Faith giveth life to the soul; and they be as much dead to God that lack faith, as they be to the world whose bodies lack souls. Without faith, all that is done of us is but dead before God, although the work seem never so gay and glorious before man. Even as the picture graven or painted is but a dead representation of the thing itself, and is without life, or any manner of moving ; so be the works of all unfaithful persons before God: they do appear to be lively works, and indeed they be but dead, not availing to the everlasting life: they be but shadows and shews of lively and good things, and not good and lively things indeed: for true faith doth give life to the works, and out of such faith come good works, that be very good works indeed; and without faith no work is good before God, as saith St. Augustine. We must set no good works before faith, nor think that before faith a man may do works ; for such works, although they seem unto men to be praiseworthy, yet indeed they be but vain, and not allowed before God. Hom. v. 1.
« Q. Can we not therefore prevent God with any works or
be established. İsa. vii. 9. He that he, ye shall die in your sins. John believeth not is condemned. John viii. 24. iji. 18. If ye believe not that I am • God, who is rich in mercy, for
to receive grace, or (as the School-authors say) deserve grace or congruity : 'yea, rather for that
deservings, whereby we may first provoke him to love us and be good unto us ? A. Surely, with none.
For God loved and chose us in Christ, not only when we were his enemies, that is, sinners, but also before the foundations of the world were laid. And this is the same spring, head, and original of our justification, whereof I spake before. Nowell, p. 74.
Grace, saith St. Augustine, belongeth to God, who doth call us; and then hath he good works, whosoever receiveth grace. Good works then bring not forth grace; but are brought forth by grace. The wheel, saith he, turneth round, not to the end that it may be made round; but because it is first made round, therefore it turneth round. So, no man doth good works, to receive grace by his good works; but because he hath first received grace, therefore consequently he doth good works.And in another place he saith, Good works go not before in him which shall afterward be justified; but good works do follow after, when a man is first justified. Hom. xvi. 1.
For as the good fruit is not the cause that the tree is good, but the tree must first be good before it can bring forth good fruit; so the good deeds of man are not the cause that maketh man good, but he is first made good by the Spirit and grace of God, that effectually worketh in him, and afterward he bringeth forth good fruits. And then, as the good fruit doth argue the goodness of the tree, so doth the good and merciful deed of the man argue and certainly prove the goodness of him that doth it. Hom. xxiii. 2.
a He that by nature would withstand vice, either by natural will or reason, he doth in vain garnish the time of this life, and attaineth not the very true virtues ; for without the worshipping of the true God, that which seemeth to be virtue is vice. Hom.
his great love wherewith he loved be righteous, what givest thou us, even when we were dead in him? or what receiveth he of thine sins, hath quickened us together hand ? Job xxxv. 7. What hast thou with Christ (by grace ye are saved). that thou didst not receive? 1 Cor. Eph. ii. 4, 5. Not by works of iv. 7. Not of works, lest any man righteousness which we have done, should boast. Eph. ii. 9. Now to but according to bis mercy he saved him that worketh, is the reward us, by the washing of regeneration, not reckoned of grace, but of debt. and renewing of the Holy Ghost. Rom. iv. 4. To him that worketh Tit. iii. 5. It is not of him that not, but believeth on him that juswilleth, nor of him that runneth, tifieth the ungodly, his faith is but of God that sheweth mercy. counted for righteousness. Rom. iv. Rom. ix. 16. Who hath prevented 5. They being ignorant of God's me, that I should repay him? Job righteousness, and going about to xli. 11. Who hath first given to establish their own righteousness, him, and it shall be recompensed have not submitted themselves unto to him again? Rom. xi. 35. If thou the righteousness of God. Rom. x. 3.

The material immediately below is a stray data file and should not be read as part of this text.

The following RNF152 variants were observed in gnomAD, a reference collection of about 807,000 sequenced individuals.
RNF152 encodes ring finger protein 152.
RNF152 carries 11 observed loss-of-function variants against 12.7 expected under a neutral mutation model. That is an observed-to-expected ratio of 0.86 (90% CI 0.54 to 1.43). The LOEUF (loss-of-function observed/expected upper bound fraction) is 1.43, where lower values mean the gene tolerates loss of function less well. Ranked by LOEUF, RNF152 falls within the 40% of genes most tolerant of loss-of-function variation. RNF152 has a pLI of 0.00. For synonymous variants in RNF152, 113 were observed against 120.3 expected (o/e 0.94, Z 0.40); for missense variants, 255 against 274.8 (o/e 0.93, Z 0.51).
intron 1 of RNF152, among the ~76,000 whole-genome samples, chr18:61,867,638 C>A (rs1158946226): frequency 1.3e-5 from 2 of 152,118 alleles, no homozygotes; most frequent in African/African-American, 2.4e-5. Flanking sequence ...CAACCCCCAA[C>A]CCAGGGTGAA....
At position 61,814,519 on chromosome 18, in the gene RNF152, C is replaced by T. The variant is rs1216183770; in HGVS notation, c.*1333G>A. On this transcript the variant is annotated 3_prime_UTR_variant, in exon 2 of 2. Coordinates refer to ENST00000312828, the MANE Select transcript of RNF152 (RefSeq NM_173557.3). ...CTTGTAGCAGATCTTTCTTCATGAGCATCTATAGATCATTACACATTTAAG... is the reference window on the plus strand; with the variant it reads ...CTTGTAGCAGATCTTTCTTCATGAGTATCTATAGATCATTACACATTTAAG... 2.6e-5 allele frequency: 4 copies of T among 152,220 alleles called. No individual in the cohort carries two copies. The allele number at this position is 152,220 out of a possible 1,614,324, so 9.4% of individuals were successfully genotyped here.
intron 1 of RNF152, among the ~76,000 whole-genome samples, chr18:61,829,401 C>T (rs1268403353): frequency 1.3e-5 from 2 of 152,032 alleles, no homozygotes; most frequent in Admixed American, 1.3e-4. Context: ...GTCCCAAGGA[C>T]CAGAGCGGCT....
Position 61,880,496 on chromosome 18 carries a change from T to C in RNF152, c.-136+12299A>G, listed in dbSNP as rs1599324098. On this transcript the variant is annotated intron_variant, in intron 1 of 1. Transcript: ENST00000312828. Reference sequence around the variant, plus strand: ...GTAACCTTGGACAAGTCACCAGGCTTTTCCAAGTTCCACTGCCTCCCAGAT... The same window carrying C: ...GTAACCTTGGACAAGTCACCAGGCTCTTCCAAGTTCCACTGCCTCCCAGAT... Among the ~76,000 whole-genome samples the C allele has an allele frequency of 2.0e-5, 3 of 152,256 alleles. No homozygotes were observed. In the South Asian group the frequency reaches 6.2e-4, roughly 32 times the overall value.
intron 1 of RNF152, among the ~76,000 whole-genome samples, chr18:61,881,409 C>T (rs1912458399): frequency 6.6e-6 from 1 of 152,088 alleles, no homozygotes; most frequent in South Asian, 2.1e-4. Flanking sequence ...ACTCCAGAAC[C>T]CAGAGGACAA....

they are not done as God hath willed and commanded them to be done, we doubt not but they have the nature of sin.
In good works, two things are principally required. First, that we do those works that are prescribed by the law of God; secondly, that they be done with that mind and faith which God requireth.—It is evident therefore that all works whatsoever we do, before that we are born again and renewed by the Spirit of God, such as may properly be called our own works, are faulty (vitiosa). For whatsoever shew of gayness or worthiness they represent and give to the eyes of men, sith they spring and proceed from a faulty and corrupted heart, which God chiefly considereth, they cannot but be defiled and corrupted, and so, grievously offend God. Such works therefore, as evil fruits, growing out of an evil tree, God despiseth and rejecteth from him. Nowell, p.
If the inheritance be of the law, it and the Father by him. Col. iii. 17. is no more of promise. Gal. iii. 18. Whether therefore ye eat, or drink, A man is justified by faith without or whatsoever ye do, do all to the the deeds of the law. Rom. iii. 28. glory of God. 1 Cor. x. 31. WhatThe law is spiritual, but I am car- soever is not of faith is sin. Rom. nal, sold under sin. Rom. vii. 14. xiv. 23. Unto them that are deThe carnal mind is enmity against filed and unbelieving is nothing God: for it is not subject to the pure; but even their mind and law of God, neither indeed can be. conscience is defiled. Tit. i. 15. Rom. viii. 7. For the flesh lusteth The plowing of the wicked is sin, against the Spirit, and the Spirit Prov. xxi. 4. He that turneth against the flesh: and these are away his ear from hearing the law, contrary the one to the other. Gal. even his prayer shall be abominav. 17. If ye live after the flesh, ye tion. Prov. xxviii. 9. Many will shall die; but if ye through the say to me in that day, Lord, Lord, Spirit do mortify the deeds of the have we not prophesied in thy name, body, ye shall live. Rom. viii. 13. and in thy name have cast out devils, He that soweth to the flesh, shall of and in thy name done many wonder: the flesh reap corruption. Gal. vi. 8. ful works? and then will I profess
d Whatsoever ye do, in word or unto them, I never knew you : dedeed, do all in the name of the part from me ye that work iniquity. Lord Jesus, giving thanks to God Matt. vii. 22, 23.